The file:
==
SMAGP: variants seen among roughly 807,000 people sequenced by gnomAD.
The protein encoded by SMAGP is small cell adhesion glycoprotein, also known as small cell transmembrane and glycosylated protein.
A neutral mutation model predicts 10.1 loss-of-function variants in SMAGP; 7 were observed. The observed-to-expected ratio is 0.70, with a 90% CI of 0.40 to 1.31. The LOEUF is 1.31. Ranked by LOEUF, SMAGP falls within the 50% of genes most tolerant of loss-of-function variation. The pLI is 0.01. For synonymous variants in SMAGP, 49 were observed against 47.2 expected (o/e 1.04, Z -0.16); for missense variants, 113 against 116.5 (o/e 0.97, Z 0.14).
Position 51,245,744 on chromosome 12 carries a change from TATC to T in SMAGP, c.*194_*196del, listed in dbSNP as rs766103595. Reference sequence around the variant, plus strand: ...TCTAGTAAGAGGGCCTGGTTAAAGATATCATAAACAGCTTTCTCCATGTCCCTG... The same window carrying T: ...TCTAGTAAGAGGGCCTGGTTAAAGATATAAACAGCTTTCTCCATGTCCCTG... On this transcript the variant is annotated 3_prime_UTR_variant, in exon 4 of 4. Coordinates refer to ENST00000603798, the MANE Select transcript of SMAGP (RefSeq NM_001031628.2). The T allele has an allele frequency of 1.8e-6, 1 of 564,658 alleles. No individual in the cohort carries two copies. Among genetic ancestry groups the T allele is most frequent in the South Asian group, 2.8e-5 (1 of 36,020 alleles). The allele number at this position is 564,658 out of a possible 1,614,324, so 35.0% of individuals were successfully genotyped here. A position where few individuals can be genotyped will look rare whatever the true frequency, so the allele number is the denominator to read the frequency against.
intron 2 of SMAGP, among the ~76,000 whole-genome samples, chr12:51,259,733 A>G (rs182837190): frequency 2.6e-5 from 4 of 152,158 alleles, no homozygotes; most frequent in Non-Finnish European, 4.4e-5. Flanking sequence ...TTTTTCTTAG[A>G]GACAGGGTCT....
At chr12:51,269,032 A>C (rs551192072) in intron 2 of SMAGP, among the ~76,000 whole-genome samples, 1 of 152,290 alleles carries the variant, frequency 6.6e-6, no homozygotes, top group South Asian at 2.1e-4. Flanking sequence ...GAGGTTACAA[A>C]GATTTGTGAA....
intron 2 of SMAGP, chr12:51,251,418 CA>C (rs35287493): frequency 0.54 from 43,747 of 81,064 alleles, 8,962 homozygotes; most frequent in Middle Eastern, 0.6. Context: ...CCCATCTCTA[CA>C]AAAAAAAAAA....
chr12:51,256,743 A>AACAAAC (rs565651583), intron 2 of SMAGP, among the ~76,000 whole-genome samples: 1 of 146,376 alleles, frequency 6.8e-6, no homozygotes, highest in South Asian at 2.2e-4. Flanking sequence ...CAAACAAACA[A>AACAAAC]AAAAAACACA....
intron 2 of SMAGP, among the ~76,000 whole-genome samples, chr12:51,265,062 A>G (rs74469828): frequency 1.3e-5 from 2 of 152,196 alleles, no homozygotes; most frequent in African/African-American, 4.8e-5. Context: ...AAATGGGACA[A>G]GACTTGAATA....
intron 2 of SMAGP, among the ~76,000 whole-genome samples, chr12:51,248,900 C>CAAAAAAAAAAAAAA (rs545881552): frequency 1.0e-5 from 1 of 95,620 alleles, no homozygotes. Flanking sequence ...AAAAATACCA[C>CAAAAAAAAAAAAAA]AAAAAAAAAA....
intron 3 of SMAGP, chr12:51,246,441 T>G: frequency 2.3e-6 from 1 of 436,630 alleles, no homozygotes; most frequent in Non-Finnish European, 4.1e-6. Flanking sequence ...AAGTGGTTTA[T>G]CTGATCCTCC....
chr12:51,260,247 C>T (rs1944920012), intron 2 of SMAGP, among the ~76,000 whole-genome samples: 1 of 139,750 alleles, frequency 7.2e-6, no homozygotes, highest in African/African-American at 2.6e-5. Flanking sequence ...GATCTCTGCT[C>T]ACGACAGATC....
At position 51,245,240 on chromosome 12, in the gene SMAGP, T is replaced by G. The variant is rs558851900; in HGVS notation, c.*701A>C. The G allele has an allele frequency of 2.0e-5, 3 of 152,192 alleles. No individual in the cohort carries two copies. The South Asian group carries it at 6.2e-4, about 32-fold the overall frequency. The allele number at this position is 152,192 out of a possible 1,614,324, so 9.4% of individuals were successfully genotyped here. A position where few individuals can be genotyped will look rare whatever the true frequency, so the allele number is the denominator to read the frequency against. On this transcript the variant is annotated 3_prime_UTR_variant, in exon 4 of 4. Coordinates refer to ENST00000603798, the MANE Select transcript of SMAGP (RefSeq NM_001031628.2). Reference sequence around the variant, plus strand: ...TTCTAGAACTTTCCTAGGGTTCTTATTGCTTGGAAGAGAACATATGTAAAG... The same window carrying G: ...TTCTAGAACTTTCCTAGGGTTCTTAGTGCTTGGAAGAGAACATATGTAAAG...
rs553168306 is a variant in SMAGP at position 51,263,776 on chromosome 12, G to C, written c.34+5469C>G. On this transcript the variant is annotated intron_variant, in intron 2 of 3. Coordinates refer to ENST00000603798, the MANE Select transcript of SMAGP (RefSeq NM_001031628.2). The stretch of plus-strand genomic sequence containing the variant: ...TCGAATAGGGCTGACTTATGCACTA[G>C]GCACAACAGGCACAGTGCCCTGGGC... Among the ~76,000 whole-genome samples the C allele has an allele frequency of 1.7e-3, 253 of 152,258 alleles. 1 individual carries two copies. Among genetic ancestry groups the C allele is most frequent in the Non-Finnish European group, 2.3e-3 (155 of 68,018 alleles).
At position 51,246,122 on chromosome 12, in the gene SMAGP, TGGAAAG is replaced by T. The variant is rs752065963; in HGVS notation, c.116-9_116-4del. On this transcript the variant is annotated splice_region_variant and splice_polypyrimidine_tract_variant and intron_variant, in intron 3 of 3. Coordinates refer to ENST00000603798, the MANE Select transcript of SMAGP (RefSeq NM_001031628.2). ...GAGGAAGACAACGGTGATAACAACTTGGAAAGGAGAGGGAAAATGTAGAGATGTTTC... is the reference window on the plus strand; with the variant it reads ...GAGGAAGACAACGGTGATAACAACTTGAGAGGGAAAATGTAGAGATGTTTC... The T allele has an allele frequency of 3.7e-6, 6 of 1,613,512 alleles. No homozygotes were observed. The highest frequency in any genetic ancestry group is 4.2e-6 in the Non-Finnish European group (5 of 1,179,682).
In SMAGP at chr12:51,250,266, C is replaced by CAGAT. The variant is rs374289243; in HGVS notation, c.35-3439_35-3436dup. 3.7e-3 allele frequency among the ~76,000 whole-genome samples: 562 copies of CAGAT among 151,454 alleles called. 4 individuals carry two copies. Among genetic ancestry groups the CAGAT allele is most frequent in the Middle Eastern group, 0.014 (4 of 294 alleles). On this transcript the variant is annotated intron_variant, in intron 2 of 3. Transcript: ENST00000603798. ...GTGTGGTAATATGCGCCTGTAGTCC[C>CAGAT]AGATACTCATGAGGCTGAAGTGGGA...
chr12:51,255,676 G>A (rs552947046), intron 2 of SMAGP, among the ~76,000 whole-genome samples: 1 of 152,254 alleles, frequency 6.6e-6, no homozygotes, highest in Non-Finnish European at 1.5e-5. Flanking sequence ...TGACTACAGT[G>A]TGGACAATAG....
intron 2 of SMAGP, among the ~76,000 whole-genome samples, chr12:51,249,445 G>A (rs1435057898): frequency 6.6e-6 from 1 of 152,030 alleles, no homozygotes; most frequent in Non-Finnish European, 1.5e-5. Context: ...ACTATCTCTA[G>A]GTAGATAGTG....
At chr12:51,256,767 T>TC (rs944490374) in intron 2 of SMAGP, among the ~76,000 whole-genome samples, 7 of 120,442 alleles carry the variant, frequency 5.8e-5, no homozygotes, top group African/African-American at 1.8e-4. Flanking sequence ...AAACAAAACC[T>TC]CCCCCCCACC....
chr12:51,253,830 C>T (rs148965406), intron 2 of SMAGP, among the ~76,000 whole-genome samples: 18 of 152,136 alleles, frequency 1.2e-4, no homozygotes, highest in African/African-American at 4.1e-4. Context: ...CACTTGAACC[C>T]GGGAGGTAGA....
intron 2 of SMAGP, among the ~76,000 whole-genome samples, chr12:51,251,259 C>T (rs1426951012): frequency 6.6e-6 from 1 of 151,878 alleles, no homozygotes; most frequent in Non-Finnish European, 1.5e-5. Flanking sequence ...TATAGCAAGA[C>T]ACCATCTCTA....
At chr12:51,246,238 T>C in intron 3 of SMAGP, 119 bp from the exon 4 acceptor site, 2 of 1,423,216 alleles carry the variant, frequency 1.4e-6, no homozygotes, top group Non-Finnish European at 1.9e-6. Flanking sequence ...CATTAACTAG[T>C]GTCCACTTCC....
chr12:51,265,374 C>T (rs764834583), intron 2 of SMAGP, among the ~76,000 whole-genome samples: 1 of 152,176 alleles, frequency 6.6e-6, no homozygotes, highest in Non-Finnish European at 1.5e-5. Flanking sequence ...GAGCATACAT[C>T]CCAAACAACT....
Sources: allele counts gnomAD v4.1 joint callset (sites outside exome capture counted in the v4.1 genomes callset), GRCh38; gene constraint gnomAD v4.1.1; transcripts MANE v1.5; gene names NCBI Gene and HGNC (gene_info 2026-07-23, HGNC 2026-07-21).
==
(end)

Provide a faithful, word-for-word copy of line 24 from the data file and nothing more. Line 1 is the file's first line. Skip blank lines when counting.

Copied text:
Sources: allele counts gnomAD v4.1 joint callset (sites outside exome capture counted in the v4.1 genomes callset), GRCh38; gene constraint gnomAD v4.1.1; transcripts MANE v1.5; gene names NCBI Gene and HGNC (gene_info 2026-07-23, HGNC 2026-07-21).